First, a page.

Farmers have warned their average income will fall by at least 30% this year due to the combined effect of bad weather and budgetary cutbacks in farm support schemes.
The Irish Farmers’ Association yesterday called on the Minister for Agriculture, Simon Coveney, to rule out any further cuts to such schemes in 2013 amid fears that further bad weather over the next month could see incomes drop “substantially higher” than 30%.
IFA president John Bryan said the Government had already overseen disproportionate cuts to farm schemes in last year’s budget and accused Mr Coveney of failing to protect the income of farmers.
The organisation, which represents some 87,000 farmers, is demanding the protection of the funding of farm schemes become a “red-line” issue for Mr Coveney in the negotiations over the upcoming budget in Dec.
The IFA is insisting that funding for schemes such as REPS is maintained at 2012 levels.
It claims the total budget for farm schemes, which can account for over 50% of income of some farmers, had been reduced by 17% this year compared to the average cut of 6% in the Department of Agriculture’s budget and 3.5% across all Government departments.
Mr Bryan said farmers believe they were being unfairly targeted by such cuts.
The IFA leader expressed concern that the extended period of bad weather was having “a huge effect” on farmers’ income due to lower crop and dairy yields, reduced beef and sheep thrive and concern about a poor harvest.
The IFA estimates that farmers could suffer losses of up to €300m this year because of the bad weather and farm scheme cuts.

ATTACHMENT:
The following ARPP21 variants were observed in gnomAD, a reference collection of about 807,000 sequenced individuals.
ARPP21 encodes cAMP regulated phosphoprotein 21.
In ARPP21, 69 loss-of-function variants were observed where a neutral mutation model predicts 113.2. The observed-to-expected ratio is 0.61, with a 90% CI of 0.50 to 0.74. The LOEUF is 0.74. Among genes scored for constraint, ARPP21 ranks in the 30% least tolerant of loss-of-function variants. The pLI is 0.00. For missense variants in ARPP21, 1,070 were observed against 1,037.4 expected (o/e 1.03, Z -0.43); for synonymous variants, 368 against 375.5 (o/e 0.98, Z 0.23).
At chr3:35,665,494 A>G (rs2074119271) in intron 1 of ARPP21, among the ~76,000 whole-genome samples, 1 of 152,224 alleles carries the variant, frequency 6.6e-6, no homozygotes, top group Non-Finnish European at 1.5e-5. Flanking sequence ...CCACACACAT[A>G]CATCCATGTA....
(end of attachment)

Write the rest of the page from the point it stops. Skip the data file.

Mr Bryan said some farmers would face devastation unless the weather picked up soon during the key harvest period.
He claimed farmers were also suffering due to higher input costs, particularly in relation to grain and diesel, as well as falling prices for some commodities.
The IFA claims recent events were likely to reverse the strong growth recorded in farmers’ income since 2010.
A survey conducted by the IFA of 340 farmers at last week’s Tullamore Show revealed that over 40% had had to re-house livestock due to the bad weather.
A quarter of all farmers surveyed reported having to sell stock earlier than planned, while 60% said they had needed to buy extra feedstuff at an average cost of €3,750.
Mr Bryan also reiterated the IFA’s concern about proposals by Education Minister Ruairí Quinn to review existing eligibility rules for third-level education grants.
The IFA said it was vehemently opposed to any changes which might include farm assets in eligibility criteria. Mr Bryan claimed 60% of farmers were already excluded from such grants on the basis of their income.
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